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Acyl-coenzyme A (CoA):cholesterol acyltransferases (ACATs), EC 188.8.131.52, are integral membrane proteins that catalyze the conversion of cholesterol to cholesteryl esters. ACATs have been implicated in the pathology of atherosclerosis and Alzheimer's disease.
Acyl-coenzyme (CoA):cholesterol acyltransferases (ACATs), EC 184.108.40.206, are integral membrane proteins that belong to the membrane bound O-acyl transferase (MBOAT) family. Two ACAT isoforms have been identified to date, ACAT1 and ACAT2, both of which are important for cholesterol homeostasis in normal tissues.
ACATs are expressed at low levels in the membrane of the endoplasmic reticulum. ACAT1 has almost ubiquitous tissue expression, being expressed in macrophages, liver hepatocytes and neurons, amongst others. In contrast ACAT2 has a more limited expression profile, although it is also expressed in macrophages and hepatocytes, albeit at lower levels. ACATs catalyze the conversion of excess cholesterol to cholesteryl esters (CEs). Cholesterol itself determines the activity of ACAT1, with increases and reductions in cholesterol levels resulting in enhanced or suppressed ACAT1 activity, respectively. Certain factors can also regulate ACAT1 gene expression, for example interferon-γ, urotensin-II and dexamethasone enhance ACAT1 expression, whereas ACAT1 is downregulated by adiponectin.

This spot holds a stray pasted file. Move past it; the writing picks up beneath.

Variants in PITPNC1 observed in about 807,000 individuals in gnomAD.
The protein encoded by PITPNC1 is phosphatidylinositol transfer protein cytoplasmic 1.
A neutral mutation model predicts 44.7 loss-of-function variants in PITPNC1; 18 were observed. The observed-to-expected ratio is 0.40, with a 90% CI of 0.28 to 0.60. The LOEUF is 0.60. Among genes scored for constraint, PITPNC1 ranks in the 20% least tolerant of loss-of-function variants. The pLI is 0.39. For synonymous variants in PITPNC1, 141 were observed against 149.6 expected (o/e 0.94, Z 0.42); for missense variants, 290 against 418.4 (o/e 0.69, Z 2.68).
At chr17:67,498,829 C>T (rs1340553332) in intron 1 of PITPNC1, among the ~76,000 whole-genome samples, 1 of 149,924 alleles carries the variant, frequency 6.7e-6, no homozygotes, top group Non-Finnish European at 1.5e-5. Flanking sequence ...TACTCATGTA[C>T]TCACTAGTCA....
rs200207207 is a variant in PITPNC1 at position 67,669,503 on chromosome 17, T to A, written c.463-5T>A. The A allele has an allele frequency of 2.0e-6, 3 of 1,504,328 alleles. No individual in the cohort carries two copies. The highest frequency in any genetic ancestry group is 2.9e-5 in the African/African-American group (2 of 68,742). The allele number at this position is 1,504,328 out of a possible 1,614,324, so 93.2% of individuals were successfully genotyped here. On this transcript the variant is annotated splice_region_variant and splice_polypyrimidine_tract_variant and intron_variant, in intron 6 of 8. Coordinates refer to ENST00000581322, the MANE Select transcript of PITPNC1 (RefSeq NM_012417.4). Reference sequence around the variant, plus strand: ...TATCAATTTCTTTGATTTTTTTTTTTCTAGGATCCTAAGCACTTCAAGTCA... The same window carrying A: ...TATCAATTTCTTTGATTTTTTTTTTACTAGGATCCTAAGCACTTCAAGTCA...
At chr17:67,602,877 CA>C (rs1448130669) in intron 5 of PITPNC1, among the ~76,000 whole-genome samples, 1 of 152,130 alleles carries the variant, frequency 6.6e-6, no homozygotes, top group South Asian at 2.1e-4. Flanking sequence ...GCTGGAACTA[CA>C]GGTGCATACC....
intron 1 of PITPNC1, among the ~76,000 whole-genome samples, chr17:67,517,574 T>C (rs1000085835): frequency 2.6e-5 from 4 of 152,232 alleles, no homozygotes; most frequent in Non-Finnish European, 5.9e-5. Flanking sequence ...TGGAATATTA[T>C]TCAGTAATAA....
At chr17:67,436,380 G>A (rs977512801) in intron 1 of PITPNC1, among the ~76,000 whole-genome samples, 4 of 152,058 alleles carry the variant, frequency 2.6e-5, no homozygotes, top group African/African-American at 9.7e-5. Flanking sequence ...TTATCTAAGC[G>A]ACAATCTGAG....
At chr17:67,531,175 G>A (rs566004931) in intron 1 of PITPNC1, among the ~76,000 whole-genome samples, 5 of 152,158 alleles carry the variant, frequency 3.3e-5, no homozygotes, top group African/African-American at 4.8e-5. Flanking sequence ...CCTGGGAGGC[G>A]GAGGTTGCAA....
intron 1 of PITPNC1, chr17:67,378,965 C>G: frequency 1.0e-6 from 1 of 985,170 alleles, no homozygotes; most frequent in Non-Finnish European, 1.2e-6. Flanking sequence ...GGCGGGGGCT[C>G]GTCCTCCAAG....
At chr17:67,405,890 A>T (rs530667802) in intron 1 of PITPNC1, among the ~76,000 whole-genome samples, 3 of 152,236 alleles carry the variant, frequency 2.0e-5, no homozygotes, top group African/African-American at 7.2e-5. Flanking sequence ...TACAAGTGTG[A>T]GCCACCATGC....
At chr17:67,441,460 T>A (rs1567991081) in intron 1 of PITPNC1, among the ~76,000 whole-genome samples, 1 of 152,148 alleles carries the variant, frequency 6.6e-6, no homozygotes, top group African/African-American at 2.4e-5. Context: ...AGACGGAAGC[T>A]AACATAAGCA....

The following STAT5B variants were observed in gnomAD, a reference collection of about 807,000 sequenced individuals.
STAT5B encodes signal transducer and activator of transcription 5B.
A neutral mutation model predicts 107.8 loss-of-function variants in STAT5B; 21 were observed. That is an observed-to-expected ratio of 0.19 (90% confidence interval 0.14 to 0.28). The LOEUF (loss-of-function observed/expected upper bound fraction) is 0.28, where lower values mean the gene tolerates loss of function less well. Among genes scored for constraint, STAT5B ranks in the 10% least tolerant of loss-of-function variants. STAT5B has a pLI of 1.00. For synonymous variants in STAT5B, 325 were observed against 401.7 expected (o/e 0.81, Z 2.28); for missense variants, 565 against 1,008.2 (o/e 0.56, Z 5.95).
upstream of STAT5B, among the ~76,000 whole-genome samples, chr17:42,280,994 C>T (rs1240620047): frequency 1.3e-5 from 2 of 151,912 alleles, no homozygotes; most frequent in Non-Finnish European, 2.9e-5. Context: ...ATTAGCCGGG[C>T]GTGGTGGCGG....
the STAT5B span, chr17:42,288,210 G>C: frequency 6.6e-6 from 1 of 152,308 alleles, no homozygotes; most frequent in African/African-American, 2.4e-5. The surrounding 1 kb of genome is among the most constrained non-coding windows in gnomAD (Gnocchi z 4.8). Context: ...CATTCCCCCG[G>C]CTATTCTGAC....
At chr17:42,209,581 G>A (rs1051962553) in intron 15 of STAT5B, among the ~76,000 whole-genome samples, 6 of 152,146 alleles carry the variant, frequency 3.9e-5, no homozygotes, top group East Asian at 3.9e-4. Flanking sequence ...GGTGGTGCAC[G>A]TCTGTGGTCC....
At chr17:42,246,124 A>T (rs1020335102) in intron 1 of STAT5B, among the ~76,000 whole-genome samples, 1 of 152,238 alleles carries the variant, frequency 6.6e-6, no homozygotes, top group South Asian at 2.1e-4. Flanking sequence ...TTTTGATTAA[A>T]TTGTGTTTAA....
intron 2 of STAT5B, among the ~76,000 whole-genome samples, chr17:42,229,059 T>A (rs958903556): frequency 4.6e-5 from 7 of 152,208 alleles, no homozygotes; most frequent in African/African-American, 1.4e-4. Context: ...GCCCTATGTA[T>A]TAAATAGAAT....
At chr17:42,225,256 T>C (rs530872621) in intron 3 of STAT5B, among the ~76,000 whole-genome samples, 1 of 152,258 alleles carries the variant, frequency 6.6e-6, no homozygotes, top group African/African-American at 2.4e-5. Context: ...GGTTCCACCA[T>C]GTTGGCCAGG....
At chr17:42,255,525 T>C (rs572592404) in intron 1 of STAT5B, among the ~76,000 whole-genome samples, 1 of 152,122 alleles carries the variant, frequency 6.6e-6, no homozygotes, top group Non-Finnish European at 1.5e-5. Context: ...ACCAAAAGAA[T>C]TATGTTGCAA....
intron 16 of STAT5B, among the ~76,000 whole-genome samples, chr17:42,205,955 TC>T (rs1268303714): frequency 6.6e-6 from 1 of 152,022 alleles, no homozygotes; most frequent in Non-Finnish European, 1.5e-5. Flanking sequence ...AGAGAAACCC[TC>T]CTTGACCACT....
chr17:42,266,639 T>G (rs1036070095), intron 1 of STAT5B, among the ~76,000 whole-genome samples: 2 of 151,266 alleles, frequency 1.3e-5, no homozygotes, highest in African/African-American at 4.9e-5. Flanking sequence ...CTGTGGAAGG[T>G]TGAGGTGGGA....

The upregulation of ACAT1 expression and the chronic accumulation of CE is associated with the formation of foamy macrophages and the onset and progression of atherosclerosis. Therefore the ACATs have been identified as a potential antiatherosclerotic therapeutic target. Inhibition of ACAT has been shown to reduce atherosclerotic plaque CE content and cause plaque regression in vivo. Furthermore ACAT could be a potential target for the treatment of Alzheimer's disease (AD). ACAT inhibition reduced amyloid plaque density in a mouse model of AD, although the exact mechanism is yet to be determined.
Alzheimer's disease (AD) is a degenerative brain disease and the most common cause of dementia, affecting approximately 47 million people worldwide. Updated in 2015, this poster summarizes the structural and functional changes observed in the progression of this neurodegenerative disease, as well as classic AD drug targets.
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